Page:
Fresh, I suggest, could do the same. Flirting with strangers has been at an all-time low these past two years. Going to the supermarket, too, hasn’t been the same since 2019. Some of us have also altered our eating habits. “It’s cool to think it’s going to make people excited about buying some vegetables,” she jokes. “Although maybe not when they watch the rest of the film.” Just as Normal People started conversations about consent, what does Fresh elucidate about dating from a woman’s POV? “It definitely explores the day-to-day anxieties that women have to live with, and the quick judgments on whether someone is a safe person or not.

“Even the scenes at the start when Noa is walking home with a key in her fist. There’s a general awareness of threat that is so ingrained that we don’t think about it.” And even if Noa deletes her apps, she can’t avoid the supermarket? “Yeah. Steve’s very endearing and self-deprecating. He says he’s a doctor, so he has a good job. She runs it past her friends. She does everything right to make an assessment as to whether he’s safe. Then unfortunately it goes the other way.”

As for whether Edgar-Jones researched the intricacies of Steve’s deep secret, she shakes her head, stating that it’s more a question for Cave or Stan. Her preparation, she says, involved perfecting an American accent and considering how the story “celebrates and champions female friendship”. When I rephrase the question and ask if Noa identifies with Steve’s hidden passion on a metaphorical level, Edgar-Jones replies, “Noa’s really an everyday character. But my friends and I talked a lot about this. Why is it that women seem very interested in true crime? So often, the victim is a woman, and so you want to know: ‘If I were in this situation, how would I react?’ Noa’s quite meek at the start, but she gets to a place where she finds such power and strength to overcome her situation. It was fun to play someone who’s unassuming and underestimated by Steve, and through her shared experience with these women, she really outsmarts him.”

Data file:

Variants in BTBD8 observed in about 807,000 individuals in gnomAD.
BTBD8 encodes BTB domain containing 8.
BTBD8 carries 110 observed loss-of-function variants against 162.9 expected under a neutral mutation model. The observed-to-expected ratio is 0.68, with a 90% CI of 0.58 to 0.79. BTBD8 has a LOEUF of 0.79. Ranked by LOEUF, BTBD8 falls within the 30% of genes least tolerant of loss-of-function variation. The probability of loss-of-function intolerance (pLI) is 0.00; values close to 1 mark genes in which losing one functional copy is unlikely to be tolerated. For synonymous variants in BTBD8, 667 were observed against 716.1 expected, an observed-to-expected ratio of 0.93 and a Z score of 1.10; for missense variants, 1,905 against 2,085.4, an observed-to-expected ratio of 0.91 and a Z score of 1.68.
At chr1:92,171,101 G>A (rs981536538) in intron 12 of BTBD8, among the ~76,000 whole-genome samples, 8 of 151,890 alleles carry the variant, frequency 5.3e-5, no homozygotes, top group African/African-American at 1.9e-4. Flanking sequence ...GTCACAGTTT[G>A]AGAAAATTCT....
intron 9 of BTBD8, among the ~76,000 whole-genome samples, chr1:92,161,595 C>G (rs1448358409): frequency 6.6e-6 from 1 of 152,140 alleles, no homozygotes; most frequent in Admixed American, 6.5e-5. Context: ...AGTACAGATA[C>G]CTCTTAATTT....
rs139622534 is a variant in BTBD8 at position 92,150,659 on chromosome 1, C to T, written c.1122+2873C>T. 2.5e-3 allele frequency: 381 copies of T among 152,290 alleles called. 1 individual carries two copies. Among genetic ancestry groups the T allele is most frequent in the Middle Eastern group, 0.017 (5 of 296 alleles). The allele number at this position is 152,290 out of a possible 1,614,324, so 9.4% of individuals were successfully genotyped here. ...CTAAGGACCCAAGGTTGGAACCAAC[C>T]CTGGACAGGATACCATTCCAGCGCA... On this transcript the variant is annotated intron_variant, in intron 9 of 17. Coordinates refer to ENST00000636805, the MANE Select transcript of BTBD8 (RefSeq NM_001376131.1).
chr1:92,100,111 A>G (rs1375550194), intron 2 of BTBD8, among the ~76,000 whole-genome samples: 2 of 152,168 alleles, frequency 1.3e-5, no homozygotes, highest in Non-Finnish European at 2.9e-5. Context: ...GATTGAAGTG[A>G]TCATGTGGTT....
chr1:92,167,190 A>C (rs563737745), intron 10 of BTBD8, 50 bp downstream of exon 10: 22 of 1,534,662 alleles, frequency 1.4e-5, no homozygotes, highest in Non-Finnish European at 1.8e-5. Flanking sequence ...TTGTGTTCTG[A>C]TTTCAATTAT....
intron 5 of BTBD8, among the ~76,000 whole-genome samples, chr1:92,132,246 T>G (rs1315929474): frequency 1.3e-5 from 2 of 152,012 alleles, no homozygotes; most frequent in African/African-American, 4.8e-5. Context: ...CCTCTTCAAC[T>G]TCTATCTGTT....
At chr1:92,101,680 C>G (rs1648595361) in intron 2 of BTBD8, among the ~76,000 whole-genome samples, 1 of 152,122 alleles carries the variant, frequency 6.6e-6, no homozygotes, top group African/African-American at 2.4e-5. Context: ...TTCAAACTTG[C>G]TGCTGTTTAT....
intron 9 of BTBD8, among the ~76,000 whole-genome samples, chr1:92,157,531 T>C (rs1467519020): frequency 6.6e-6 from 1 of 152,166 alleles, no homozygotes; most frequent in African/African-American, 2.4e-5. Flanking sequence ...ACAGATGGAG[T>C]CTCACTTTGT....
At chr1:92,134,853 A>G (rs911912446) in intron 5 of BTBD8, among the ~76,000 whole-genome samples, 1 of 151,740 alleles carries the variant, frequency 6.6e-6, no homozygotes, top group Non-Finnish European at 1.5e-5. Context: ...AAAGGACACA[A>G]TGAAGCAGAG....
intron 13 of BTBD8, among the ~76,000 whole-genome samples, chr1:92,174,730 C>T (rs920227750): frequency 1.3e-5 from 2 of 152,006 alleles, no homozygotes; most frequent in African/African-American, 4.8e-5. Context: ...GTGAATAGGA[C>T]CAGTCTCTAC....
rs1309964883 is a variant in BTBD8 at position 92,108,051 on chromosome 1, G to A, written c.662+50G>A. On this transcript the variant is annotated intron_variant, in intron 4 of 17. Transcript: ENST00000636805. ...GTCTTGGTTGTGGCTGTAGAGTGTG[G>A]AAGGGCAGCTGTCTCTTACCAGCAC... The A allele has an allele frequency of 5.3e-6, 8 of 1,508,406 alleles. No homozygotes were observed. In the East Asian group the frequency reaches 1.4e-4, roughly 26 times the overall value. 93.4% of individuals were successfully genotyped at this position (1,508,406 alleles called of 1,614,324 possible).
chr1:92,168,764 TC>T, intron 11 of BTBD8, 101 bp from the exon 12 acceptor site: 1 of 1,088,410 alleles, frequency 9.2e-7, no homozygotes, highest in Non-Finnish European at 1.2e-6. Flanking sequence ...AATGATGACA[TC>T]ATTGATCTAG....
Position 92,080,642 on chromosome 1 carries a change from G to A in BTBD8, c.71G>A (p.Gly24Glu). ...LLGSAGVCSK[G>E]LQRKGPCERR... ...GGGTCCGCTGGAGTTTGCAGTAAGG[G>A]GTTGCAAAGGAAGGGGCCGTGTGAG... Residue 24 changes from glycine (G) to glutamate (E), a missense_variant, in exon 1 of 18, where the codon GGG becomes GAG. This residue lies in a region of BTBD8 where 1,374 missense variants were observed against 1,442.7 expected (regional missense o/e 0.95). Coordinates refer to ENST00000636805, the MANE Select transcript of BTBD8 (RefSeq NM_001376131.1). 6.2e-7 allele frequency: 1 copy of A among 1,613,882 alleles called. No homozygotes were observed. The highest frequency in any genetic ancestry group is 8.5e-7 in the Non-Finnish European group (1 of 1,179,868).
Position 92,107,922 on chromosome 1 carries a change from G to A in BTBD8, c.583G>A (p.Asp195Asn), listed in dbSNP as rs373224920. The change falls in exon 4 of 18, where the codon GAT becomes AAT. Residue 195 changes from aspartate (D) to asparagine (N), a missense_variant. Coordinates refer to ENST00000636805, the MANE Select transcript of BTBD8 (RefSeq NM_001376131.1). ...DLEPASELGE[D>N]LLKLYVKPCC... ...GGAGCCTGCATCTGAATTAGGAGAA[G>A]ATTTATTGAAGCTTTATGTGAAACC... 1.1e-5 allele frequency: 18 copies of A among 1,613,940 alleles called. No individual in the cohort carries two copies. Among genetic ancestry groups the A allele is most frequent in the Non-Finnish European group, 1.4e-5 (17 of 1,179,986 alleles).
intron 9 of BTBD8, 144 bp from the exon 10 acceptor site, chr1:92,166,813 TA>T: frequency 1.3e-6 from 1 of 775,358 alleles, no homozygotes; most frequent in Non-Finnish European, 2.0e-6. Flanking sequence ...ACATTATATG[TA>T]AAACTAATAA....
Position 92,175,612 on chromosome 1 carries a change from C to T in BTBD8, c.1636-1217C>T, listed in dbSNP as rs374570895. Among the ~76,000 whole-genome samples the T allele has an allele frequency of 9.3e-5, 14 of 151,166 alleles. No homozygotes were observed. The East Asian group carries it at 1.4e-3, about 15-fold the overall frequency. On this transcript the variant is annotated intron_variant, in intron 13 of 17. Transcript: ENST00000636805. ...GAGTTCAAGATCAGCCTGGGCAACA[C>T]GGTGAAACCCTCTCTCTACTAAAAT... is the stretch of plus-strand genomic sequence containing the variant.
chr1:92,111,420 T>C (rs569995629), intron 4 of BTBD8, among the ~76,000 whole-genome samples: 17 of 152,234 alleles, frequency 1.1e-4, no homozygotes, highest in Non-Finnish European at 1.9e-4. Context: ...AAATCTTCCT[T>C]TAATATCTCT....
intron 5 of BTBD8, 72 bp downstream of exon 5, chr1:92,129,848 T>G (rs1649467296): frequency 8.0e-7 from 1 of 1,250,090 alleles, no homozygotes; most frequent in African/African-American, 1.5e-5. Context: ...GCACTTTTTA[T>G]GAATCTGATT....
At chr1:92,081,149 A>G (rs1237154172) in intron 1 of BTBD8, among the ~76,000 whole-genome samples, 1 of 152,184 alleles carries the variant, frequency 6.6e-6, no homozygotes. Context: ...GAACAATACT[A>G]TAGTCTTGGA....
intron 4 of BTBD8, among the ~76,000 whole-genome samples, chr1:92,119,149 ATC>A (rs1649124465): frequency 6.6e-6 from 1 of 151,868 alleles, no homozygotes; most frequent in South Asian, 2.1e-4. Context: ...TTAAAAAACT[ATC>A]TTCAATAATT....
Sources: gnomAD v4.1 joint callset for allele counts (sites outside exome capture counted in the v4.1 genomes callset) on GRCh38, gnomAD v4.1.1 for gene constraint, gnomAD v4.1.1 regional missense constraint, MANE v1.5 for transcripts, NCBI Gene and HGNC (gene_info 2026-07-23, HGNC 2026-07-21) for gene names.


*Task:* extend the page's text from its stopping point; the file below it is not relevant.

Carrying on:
At the very least, Fresh may prove a shock to Disney+ users who pick the film expecting a Normal People-y drama about normal people. If they don’t spot the clues, that is. The score is foreboding. A car journey is framed like a homage to The Shining. Steve also has no social media accounts (to clarify: in the movie, this is considered a red flag, not a healthy lifestyle choice). But the opening act still delivers what you want from a rom-com: two likeable leads, fizzling chemistry, and an obstacle to overcome. “We made sure to ground it in something truthful,” Edgar-Jones says. “That meant we really earned our moments of levity and surrealism.”

So what would she tell people who love Notting Hill but are worried Fresh sounds a bit like Saw? “If you’re squeamish, definitely don’t dive in. But if you want to watch something that’s definitely its own film, there’s enough lightness and fun within it that you’ll be able to grin and bear the rather darker moments.” And what about the gorehounds who love Saw but are worried Fresh sounds too much like Notting Hill? “I would say just keep watching! Just wait until you get to the second act. After that, you’ll be fine.”

Fresh is streaming exclusively on Disney+ under the Star banner in the UK & Ireland on 18 March